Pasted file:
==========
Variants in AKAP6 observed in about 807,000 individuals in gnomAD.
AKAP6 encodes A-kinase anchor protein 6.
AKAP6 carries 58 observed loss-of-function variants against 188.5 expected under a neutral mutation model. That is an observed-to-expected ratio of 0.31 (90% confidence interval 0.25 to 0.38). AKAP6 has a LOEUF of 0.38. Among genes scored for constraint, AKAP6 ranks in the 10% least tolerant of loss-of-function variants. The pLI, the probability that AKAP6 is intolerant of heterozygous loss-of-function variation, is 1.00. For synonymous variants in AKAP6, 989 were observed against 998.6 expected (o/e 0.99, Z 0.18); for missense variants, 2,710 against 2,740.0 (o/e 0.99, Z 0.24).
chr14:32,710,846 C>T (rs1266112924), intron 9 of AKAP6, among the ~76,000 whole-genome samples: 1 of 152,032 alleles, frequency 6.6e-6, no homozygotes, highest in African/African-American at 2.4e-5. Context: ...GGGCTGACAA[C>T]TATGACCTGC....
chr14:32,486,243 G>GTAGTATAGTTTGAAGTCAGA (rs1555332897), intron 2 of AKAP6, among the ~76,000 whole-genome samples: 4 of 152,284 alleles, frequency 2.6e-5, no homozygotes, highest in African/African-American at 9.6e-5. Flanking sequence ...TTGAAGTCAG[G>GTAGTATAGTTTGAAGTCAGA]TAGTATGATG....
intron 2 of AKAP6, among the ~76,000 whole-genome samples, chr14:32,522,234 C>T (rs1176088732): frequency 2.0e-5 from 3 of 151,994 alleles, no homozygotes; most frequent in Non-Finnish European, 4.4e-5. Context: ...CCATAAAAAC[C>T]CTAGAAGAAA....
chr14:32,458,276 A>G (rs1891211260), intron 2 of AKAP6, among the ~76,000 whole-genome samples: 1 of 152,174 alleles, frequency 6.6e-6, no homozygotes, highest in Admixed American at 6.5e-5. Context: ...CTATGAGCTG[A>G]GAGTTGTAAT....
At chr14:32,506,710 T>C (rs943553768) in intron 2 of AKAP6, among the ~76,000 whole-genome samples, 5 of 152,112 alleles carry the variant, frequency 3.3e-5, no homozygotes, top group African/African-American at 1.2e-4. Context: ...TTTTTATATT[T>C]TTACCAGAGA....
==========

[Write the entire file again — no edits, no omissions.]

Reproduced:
Variants in AKAP6 observed in about 807,000 individuals in gnomAD.
AKAP6 encodes A-kinase anchor protein 6.
AKAP6 carries 58 observed loss-of-function variants against 188.5 expected under a neutral mutation model. That is an observed-to-expected ratio of 0.31 (90% confidence interval 0.25 to 0.38). AKAP6 has a LOEUF of 0.38. Among genes scored for constraint, AKAP6 ranks in the 10% least tolerant of loss-of-function variants. The pLI, the probability that AKAP6 is intolerant of heterozygous loss-of-function variation, is 1.00. For synonymous variants in AKAP6, 989 were observed against 998.6 expected (o/e 0.99, Z 0.18); for missense variants, 2,710 against 2,740.0 (o/e 0.99, Z 0.24).
chr14:32,710,846 C>T (rs1266112924), intron 9 of AKAP6, among the ~76,000 whole-genome samples: 1 of 152,032 alleles, frequency 6.6e-6, no homozygotes, highest in African/African-American at 2.4e-5. Context: ...GGGCTGACAA[C>T]TATGACCTGC....
chr14:32,486,243 G>GTAGTATAGTTTGAAGTCAGA (rs1555332897), intron 2 of AKAP6, among the ~76,000 whole-genome samples: 4 of 152,284 alleles, frequency 2.6e-5, no homozygotes, highest in African/African-American at 9.6e-5. Flanking sequence ...TTGAAGTCAG[G>GTAGTATAGTTTGAAGTCAGA]TAGTATGATG....
intron 2 of AKAP6, among the ~76,000 whole-genome samples, chr14:32,522,234 C>T (rs1176088732): frequency 2.0e-5 from 3 of 151,994 alleles, no homozygotes; most frequent in Non-Finnish European, 4.4e-5. Context: ...CCATAAAAAC[C>T]CTAGAAGAAA....
chr14:32,458,276 A>G (rs1891211260), intron 2 of AKAP6, among the ~76,000 whole-genome samples: 1 of 152,174 alleles, frequency 6.6e-6, no homozygotes, highest in Admixed American at 6.5e-5. Context: ...CTATGAGCTG[A>G]GAGTTGTAAT....
At chr14:32,506,710 T>C (rs943553768) in intron 2 of AKAP6, among the ~76,000 whole-genome samples, 5 of 152,112 alleles carry the variant, frequency 3.3e-5, no homozygotes, top group African/African-American at 1.2e-4. Context: ...TTTTTATATT[T>C]TTACCAGAGA....